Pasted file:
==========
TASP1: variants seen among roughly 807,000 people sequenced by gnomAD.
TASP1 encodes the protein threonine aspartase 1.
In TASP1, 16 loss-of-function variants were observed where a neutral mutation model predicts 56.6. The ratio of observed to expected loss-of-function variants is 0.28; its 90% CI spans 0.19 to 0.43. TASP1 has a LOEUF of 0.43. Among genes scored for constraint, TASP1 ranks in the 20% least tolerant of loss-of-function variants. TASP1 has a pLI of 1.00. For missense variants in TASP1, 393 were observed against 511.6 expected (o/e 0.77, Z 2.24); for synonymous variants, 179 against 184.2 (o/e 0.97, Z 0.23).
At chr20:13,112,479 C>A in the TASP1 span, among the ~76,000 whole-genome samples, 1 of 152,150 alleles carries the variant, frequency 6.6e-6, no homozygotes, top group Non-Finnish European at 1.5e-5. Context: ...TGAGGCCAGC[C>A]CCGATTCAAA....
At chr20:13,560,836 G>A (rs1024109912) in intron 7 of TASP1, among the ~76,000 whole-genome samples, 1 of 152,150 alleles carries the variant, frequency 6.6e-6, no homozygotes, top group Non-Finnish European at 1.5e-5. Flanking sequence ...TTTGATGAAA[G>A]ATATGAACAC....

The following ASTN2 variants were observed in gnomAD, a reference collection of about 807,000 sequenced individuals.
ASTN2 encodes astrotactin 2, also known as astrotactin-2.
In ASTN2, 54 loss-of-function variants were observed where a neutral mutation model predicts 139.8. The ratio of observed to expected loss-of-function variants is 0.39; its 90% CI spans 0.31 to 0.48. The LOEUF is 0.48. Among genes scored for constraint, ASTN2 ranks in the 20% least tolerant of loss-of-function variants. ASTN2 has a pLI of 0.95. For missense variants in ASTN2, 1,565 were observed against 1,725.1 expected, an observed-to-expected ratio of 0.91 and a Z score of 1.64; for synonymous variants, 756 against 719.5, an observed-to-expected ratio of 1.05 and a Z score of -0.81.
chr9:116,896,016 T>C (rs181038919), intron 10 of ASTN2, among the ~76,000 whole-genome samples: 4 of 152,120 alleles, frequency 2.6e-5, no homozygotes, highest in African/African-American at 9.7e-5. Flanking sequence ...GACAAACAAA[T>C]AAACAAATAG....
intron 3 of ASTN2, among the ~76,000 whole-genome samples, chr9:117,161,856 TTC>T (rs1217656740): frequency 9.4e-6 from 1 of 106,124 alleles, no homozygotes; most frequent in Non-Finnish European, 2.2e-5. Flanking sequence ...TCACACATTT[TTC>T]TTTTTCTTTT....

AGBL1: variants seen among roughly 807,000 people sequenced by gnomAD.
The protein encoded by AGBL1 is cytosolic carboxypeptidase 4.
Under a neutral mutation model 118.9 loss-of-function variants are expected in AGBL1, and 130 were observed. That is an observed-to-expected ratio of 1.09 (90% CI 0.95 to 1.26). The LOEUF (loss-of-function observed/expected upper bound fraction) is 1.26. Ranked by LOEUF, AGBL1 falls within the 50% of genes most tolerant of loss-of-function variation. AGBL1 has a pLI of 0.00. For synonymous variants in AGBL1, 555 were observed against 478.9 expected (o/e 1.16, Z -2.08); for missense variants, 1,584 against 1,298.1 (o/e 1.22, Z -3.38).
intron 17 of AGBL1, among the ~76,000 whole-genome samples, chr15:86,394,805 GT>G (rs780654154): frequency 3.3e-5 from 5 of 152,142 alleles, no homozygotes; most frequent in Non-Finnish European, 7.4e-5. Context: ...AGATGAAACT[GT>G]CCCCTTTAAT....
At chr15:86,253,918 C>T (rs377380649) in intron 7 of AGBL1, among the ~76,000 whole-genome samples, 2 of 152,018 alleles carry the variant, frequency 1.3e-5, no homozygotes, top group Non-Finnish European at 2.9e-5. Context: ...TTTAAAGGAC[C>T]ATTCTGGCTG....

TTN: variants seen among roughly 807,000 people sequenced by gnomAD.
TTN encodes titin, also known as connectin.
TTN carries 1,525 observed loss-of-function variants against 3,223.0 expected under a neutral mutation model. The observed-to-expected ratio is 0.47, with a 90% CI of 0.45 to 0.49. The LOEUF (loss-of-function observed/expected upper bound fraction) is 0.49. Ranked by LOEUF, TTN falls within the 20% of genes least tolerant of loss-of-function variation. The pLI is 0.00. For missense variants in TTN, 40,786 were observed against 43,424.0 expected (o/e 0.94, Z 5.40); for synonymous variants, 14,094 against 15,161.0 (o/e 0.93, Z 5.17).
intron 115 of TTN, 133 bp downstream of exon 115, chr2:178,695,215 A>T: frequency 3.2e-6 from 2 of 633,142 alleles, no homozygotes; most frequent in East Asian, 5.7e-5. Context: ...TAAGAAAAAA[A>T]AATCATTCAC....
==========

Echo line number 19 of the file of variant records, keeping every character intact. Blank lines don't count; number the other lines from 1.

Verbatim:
intron 115 of TTN, 133 bp downstream of exon 115, chr2:178,695,215 A>T: frequency 3.2e-6 from 2 of 633,142 alleles, no homozygotes; most frequent in East Asian, 5.7e-5. Context: ...TAAGAAAAAA[A>T]AATCATTCAC....